Jul 24, 2017
- Many indices have been proposed to measure functional diversity and its four distinct dimensions: functional richness, evenness, divergence and redundancy. Identifying indices that reliably measure the functional diversity dimension(s) of interest requires careful testing of how each index responds to species’ traits and abundance distributions. In the absence of a convenient simulation tool, tests with artificial data have to date explored only a limited number of scenarios or have altered trait and abundance distributions only indirectly based on principles of evolution and community assembly.
- We provide simul. comms, an R function that allows users to test the efficacy of functional diversity indices by easily creating artificial species communities with user-specified abundance and trait distributions for continuous, ordinal and categorical traits. To illustrate the function's utility, we examine the performance of R, a recently published abundance-sensitive index for functional redundancy. We use two approaches to designing simulation tests for this example analysis. The first uses simul. comms to create six separate sets of artificial communities to qualitatively assess how R responds to predictable changes in functional redundancy. The second uses simul. comms to independently alter seven community composition parameters, whose influence on R is then examined quantitatively via effect sizes in linear regression.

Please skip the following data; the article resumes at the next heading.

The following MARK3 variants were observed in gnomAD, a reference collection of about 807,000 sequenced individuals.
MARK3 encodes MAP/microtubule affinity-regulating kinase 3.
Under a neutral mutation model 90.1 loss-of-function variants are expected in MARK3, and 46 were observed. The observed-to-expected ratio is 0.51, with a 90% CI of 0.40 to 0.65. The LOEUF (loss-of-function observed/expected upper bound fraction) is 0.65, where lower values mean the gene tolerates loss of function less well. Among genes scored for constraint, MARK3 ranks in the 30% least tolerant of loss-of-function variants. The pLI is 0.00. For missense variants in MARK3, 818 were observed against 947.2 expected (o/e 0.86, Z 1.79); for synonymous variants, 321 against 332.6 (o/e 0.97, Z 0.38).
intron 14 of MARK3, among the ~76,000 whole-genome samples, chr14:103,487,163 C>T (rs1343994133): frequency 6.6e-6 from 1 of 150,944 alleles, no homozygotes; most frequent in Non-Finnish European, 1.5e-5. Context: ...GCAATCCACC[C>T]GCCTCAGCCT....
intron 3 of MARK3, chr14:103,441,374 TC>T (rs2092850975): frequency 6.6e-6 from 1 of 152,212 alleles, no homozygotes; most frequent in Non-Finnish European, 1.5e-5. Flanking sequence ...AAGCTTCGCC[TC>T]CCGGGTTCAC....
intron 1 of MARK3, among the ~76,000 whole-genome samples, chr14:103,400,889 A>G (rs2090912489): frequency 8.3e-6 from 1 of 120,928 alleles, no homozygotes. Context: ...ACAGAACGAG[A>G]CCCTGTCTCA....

- Our analyses indicate that R broadly mirrors expected changes in functional redundancy and predictably responds to changes in community composition parameters. R appears, however, to primarily reflect trait distributions, responding minimally to variance in abundance and counter-intuitively to abundance range. Further refinement of tools to measure functional redundancy may therefore be desirable.
- The R tool we provide should assist with refining functional diversity measures, a critical step towards improving our ability to understand and mitigate the impacts of biodiversity loss on ecosystem functioning. Because simul. comms simply produces two linked matrices, a species-by-traits matrix and a site-by-species abundance matrix, it may be equally valuable in exploring questions and analytical approaches in other areas of community ecology.
Read the full article in Methods in Ecology and Evolution.
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